Another advantage of a COP is a shorter reaction time for one unit to support another, although that’s rarely necessary because the enemy just doesn’t mass in large units. They don’t have the men to do that like they used to. This inability to mass also makes COPs possible. In Vietnam, the enemy had lots of soldiers and highly-trained and motivated sappers that could cut through concertina wire barriers, throw satchel charges, and wreak havoc while the VC infantry came up behind them. This allowed them to inflict heavy casualties on small units, such as those manning howitzers. On a few occasions, they completely overran those positions. But the chance of a COP being overrun is essentially nil.
The impact of the FOB system was shown to me on a map. The foreigners who come into this area do so along a mini-Ho Chi Minh trail from the west, namely Jordan and Syria. And the foreigners tend to be better trained. Certainly any good sniper will come from that route, because Iraqis are terrible shots and hence crummy snipers.
From this road the terrorists would then literally fan out in the area where the COPs have been inserted. That is, their area of operation was shaped like a fan. But the troops from the COPs have rolled them up in a counter-clockwise pattern such that the only major activity left now is in a slice near the Tigris. Areas that Capt. Sapp would originally only send full platoons into, sometimes even with armor, he will now allow a squad of perhaps 12 men to enter. At some point, the bad guys will be pushed out of this last piece of the fan. Where they’ll go, who knows. The point is that they’ll have been denied their first choice of an operating area. It’s like knocking off the head of a terrorist cell. Yes, he’ll just be replaced. But the man originally chosen for the job is now dead and the cell weakened to that extent.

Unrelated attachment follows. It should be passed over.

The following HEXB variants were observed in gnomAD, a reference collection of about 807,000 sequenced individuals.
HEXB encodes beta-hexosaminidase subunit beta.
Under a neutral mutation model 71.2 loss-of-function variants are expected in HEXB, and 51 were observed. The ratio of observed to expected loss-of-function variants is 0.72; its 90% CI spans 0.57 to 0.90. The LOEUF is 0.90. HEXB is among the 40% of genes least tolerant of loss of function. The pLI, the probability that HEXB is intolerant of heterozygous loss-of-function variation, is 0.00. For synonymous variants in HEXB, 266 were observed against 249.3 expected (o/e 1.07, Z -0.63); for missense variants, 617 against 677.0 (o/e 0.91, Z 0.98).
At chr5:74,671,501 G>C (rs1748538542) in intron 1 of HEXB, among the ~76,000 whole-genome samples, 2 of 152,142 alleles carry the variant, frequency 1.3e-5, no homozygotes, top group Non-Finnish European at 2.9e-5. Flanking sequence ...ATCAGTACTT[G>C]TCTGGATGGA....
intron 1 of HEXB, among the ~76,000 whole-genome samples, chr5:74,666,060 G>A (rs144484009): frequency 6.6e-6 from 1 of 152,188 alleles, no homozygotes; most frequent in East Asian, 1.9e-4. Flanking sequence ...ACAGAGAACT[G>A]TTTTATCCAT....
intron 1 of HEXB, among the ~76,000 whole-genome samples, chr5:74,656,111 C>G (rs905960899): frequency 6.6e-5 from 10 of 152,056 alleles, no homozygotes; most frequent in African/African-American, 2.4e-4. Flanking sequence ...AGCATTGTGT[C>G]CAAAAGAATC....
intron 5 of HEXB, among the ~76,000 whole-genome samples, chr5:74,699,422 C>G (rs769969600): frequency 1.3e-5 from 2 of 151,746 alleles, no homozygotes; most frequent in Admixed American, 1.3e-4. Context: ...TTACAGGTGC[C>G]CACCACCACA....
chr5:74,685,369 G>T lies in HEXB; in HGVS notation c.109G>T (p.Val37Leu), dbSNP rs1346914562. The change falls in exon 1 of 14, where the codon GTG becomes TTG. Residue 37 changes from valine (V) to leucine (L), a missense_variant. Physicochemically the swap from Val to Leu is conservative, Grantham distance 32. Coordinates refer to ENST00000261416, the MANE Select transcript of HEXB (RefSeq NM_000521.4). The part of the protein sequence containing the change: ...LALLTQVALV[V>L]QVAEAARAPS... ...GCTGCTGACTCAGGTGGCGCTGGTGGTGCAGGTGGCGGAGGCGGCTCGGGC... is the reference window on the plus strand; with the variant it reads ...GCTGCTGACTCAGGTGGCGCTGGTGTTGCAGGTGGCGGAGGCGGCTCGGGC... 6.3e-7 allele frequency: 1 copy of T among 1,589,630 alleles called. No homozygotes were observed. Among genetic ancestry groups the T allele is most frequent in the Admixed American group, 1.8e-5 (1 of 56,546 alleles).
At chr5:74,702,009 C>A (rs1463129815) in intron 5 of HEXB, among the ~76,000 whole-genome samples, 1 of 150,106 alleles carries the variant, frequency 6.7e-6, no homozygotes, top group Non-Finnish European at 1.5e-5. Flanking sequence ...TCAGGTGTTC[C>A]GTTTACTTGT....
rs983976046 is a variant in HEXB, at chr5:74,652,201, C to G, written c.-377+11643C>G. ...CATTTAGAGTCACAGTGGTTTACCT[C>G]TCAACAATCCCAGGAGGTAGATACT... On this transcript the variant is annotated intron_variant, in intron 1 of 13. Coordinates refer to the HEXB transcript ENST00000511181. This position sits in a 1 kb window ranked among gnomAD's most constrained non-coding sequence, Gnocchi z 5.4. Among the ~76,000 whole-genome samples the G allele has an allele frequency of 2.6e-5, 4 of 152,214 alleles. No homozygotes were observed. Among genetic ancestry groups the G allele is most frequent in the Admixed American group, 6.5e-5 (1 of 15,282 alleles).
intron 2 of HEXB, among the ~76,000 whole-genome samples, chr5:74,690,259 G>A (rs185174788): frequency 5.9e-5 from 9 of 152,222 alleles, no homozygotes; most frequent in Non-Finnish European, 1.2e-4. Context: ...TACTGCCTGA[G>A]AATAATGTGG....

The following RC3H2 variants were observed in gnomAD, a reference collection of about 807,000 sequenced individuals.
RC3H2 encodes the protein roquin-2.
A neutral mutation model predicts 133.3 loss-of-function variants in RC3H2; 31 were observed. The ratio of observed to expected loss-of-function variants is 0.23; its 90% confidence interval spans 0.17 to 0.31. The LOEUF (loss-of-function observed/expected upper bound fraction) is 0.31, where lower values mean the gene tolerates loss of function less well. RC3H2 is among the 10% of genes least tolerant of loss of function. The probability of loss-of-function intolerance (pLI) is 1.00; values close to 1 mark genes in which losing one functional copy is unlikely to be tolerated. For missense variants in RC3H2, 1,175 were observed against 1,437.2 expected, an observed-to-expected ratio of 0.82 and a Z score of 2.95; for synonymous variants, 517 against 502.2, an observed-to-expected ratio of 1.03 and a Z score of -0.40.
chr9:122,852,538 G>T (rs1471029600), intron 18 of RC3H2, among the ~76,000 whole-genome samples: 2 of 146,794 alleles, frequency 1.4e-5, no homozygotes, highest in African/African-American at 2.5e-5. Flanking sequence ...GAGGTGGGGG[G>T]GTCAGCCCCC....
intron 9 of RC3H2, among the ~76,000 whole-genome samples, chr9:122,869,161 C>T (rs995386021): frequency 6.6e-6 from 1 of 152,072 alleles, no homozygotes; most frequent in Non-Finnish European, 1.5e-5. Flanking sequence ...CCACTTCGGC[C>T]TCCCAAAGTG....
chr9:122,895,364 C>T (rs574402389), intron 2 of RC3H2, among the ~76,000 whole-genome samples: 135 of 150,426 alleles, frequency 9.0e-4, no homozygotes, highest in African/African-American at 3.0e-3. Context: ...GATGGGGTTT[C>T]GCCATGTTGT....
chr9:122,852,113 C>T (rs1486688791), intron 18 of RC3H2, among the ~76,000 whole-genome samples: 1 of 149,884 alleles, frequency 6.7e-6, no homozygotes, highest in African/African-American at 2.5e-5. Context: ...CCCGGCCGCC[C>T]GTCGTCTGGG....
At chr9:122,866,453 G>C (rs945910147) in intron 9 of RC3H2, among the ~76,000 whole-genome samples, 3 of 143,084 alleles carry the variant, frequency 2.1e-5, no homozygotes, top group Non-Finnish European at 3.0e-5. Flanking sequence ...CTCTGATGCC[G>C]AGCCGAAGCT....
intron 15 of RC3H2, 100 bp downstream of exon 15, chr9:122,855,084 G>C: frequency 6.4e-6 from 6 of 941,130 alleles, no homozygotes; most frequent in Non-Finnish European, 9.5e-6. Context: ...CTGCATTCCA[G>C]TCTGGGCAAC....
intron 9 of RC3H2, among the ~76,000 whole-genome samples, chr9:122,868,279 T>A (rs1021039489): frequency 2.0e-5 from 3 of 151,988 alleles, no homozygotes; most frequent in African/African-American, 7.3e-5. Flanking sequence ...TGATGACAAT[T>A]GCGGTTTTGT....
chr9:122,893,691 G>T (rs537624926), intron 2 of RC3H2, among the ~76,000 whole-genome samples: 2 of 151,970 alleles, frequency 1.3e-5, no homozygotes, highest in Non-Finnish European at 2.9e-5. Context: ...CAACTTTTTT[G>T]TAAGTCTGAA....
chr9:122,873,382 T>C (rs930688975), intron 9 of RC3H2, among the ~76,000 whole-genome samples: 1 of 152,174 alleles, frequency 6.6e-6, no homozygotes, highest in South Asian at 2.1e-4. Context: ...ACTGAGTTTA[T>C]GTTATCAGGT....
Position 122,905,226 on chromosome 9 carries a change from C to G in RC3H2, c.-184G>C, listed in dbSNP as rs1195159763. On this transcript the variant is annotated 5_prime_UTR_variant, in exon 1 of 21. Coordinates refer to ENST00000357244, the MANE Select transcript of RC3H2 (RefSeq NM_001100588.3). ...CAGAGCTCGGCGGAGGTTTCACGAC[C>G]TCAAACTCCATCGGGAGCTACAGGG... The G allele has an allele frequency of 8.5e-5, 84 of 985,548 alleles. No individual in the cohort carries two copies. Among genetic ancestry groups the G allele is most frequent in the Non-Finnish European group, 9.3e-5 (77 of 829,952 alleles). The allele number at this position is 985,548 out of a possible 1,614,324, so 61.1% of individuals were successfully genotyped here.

Any counterinsurgency operation is likely to fail without the right force projection. We have argued that force size is the critical element to successful pacification. If we know that the enemy (foreign fighters, most certainly al Qaeda) is coming into Iraq along a “mini-Ho Chi Minh” trail, this information immediately redounds to the question “why can’t we stop this traffic?”
The answer is that we can with the right force projection. If the means of ingress into Iraq are turned into a shooting gallery where the foreign fighter faces certain death should he attempt to cross the border, then one of two things happens, leading to a consequent. Either the foreign fighter dies at the border, or if he is smart, he doesn’t attempt to cross. The consequence is that the existing foreign fighters do not get reinforced. As U.S. forces share the risk of the people and protect the population, and as the foreign fighters (and Sunni Mujahideen) are killed, the pacification of the region finally ensues, and mothers can trust in the security of their homes and schools. This, rather than the “kinder and gentler soldier,” is the road to “winning the hearts and minds of the people.”